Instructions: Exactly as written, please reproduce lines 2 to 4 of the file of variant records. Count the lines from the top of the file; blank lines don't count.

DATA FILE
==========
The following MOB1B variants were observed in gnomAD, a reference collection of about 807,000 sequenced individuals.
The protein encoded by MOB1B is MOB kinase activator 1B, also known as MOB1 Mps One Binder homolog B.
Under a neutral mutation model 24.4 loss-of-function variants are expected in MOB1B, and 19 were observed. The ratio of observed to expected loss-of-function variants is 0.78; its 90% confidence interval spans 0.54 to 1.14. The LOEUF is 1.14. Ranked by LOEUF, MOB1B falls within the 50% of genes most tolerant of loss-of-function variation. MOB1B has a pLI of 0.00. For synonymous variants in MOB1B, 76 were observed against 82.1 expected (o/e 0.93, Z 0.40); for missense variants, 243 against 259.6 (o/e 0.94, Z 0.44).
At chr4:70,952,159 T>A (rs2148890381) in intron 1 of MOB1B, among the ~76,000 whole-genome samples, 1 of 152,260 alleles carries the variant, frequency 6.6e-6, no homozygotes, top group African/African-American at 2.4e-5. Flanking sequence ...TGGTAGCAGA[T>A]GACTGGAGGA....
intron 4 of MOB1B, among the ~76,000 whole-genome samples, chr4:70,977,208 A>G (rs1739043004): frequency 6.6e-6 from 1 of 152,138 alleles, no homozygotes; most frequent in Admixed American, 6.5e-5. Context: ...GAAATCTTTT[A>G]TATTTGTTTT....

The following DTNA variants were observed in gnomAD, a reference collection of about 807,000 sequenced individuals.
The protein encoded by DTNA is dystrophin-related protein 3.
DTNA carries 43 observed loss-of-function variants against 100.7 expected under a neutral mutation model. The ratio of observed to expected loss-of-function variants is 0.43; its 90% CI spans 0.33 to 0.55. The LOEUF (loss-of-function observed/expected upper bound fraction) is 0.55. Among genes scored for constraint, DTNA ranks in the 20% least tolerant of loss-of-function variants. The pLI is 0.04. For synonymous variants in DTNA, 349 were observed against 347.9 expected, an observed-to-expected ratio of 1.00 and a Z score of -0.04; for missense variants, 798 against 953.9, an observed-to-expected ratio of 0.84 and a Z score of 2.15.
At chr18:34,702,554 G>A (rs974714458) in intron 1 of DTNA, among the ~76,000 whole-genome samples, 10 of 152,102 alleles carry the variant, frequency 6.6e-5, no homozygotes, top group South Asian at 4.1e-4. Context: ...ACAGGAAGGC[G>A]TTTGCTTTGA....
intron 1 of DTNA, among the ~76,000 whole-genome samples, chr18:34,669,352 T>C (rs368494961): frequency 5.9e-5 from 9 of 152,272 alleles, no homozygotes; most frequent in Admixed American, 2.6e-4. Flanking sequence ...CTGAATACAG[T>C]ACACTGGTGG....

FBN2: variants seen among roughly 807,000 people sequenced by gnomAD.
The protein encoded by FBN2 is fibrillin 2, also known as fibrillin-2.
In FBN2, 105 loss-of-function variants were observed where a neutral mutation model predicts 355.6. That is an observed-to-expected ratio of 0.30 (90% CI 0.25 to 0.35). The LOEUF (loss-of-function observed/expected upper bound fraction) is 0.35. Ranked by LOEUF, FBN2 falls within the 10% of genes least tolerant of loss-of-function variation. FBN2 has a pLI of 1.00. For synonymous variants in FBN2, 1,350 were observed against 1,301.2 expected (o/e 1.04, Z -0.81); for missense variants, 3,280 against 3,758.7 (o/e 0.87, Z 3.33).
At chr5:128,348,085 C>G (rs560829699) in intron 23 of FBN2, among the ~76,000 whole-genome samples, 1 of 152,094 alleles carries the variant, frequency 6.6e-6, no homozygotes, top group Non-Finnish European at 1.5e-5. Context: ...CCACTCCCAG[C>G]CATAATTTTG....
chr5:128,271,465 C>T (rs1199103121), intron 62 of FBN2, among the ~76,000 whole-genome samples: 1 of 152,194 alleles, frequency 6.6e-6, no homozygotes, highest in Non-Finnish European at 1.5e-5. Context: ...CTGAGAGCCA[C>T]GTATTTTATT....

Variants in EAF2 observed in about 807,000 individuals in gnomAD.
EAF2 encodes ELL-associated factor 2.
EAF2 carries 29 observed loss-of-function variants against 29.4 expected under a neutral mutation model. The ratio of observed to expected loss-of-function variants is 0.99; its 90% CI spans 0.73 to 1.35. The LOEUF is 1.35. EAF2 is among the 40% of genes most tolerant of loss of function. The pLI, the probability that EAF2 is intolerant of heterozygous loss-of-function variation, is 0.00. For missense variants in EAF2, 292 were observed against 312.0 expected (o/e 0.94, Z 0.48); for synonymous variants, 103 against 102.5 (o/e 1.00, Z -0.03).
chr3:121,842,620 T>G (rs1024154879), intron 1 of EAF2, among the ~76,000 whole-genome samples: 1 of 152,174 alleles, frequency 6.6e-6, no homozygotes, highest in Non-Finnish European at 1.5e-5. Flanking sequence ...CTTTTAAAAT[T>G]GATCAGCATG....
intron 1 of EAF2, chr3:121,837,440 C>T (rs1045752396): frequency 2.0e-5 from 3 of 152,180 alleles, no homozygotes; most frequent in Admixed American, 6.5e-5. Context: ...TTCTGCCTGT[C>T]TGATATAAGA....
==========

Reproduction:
The protein encoded by MOB1B is MOB kinase activator 1B, also known as MOB1 Mps One Binder homolog B.
Under a neutral mutation model 24.4 loss-of-function variants are expected in MOB1B, and 19 were observed. The ratio of observed to expected loss-of-function variants is 0.78; its 90% confidence interval spans 0.54 to 1.14. The LOEUF is 1.14. Ranked by LOEUF, MOB1B falls within the 50% of genes most tolerant of loss-of-function variation. MOB1B has a pLI of 0.00. For synonymous variants in MOB1B, 76 were observed against 82.1 expected (o/e 0.93, Z 0.40); for missense variants, 243 against 259.6 (o/e 0.94, Z 0.44).
At chr4:70,952,159 T>A (rs2148890381) in intron 1 of MOB1B, among the ~76,000 whole-genome samples, 1 of 152,260 alleles carries the variant, frequency 6.6e-6, no homozygotes, top group African/African-American at 2.4e-5. Flanking sequence ...TGGTAGCAGA[T>A]GACTGGAGGA....